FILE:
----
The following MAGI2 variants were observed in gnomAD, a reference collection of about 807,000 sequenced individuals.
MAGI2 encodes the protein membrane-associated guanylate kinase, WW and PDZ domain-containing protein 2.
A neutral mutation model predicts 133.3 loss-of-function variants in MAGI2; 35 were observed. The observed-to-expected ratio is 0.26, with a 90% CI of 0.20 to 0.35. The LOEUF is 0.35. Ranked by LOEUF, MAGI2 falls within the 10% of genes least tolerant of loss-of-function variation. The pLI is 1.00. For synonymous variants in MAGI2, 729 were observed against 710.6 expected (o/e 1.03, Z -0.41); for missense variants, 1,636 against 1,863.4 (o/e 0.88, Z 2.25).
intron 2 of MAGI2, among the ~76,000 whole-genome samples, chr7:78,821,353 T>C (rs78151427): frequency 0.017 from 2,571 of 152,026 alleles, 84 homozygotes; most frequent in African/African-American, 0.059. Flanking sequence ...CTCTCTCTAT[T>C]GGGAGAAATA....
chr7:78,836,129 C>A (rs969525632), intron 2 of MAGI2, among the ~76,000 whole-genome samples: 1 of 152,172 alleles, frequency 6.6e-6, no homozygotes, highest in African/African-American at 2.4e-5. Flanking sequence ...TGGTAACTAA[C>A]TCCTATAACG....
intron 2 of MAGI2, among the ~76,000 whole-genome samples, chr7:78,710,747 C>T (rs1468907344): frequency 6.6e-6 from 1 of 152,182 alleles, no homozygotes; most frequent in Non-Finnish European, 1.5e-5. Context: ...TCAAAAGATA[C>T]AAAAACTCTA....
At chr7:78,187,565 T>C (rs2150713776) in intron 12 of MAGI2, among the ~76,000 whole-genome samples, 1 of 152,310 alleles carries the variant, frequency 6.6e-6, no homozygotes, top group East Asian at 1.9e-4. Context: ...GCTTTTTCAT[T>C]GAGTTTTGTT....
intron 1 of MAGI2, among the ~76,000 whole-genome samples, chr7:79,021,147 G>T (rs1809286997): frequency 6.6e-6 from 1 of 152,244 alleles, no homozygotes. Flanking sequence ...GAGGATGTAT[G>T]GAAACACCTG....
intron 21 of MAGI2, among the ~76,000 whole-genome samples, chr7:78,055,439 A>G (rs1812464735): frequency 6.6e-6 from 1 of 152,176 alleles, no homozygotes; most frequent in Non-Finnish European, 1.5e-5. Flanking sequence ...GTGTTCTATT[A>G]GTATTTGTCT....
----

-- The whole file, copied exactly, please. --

The following MAGI2 variants were observed in gnomAD, a reference collection of about 807,000 sequenced individuals.
MAGI2 encodes the protein membrane-associated guanylate kinase, WW and PDZ domain-containing protein 2.
A neutral mutation model predicts 133.3 loss-of-function variants in MAGI2; 35 were observed. The observed-to-expected ratio is 0.26, with a 90% CI of 0.20 to 0.35. The LOEUF is 0.35. Ranked by LOEUF, MAGI2 falls within the 10% of genes least tolerant of loss-of-function variation. The pLI is 1.00. For synonymous variants in MAGI2, 729 were observed against 710.6 expected (o/e 1.03, Z -0.41); for missense variants, 1,636 against 1,863.4 (o/e 0.88, Z 2.25).
intron 2 of MAGI2, among the ~76,000 whole-genome samples, chr7:78,821,353 T>C (rs78151427): frequency 0.017 from 2,571 of 152,026 alleles, 84 homozygotes; most frequent in African/African-American, 0.059. Flanking sequence ...CTCTCTCTAT[T>C]GGGAGAAATA....
chr7:78,836,129 C>A (rs969525632), intron 2 of MAGI2, among the ~76,000 whole-genome samples: 1 of 152,172 alleles, frequency 6.6e-6, no homozygotes, highest in African/African-American at 2.4e-5. Flanking sequence ...TGGTAACTAA[C>A]TCCTATAACG....
intron 2 of MAGI2, among the ~76,000 whole-genome samples, chr7:78,710,747 C>T (rs1468907344): frequency 6.6e-6 from 1 of 152,182 alleles, no homozygotes; most frequent in Non-Finnish European, 1.5e-5. Context: ...TCAAAAGATA[C>T]AAAAACTCTA....
At chr7:78,187,565 T>C (rs2150713776) in intron 12 of MAGI2, among the ~76,000 whole-genome samples, 1 of 152,310 alleles carries the variant, frequency 6.6e-6, no homozygotes, top group East Asian at 1.9e-4. Context: ...GCTTTTTCAT[T>C]GAGTTTTGTT....
intron 1 of MAGI2, among the ~76,000 whole-genome samples, chr7:79,021,147 G>T (rs1809286997): frequency 6.6e-6 from 1 of 152,244 alleles, no homozygotes. Flanking sequence ...GAGGATGTAT[G>T]GAAACACCTG....
intron 21 of MAGI2, among the ~76,000 whole-genome samples, chr7:78,055,439 A>G (rs1812464735): frequency 6.6e-6 from 1 of 152,176 alleles, no homozygotes; most frequent in Non-Finnish European, 1.5e-5. Flanking sequence ...GTGTTCTATT[A>G]GTATTTGTCT....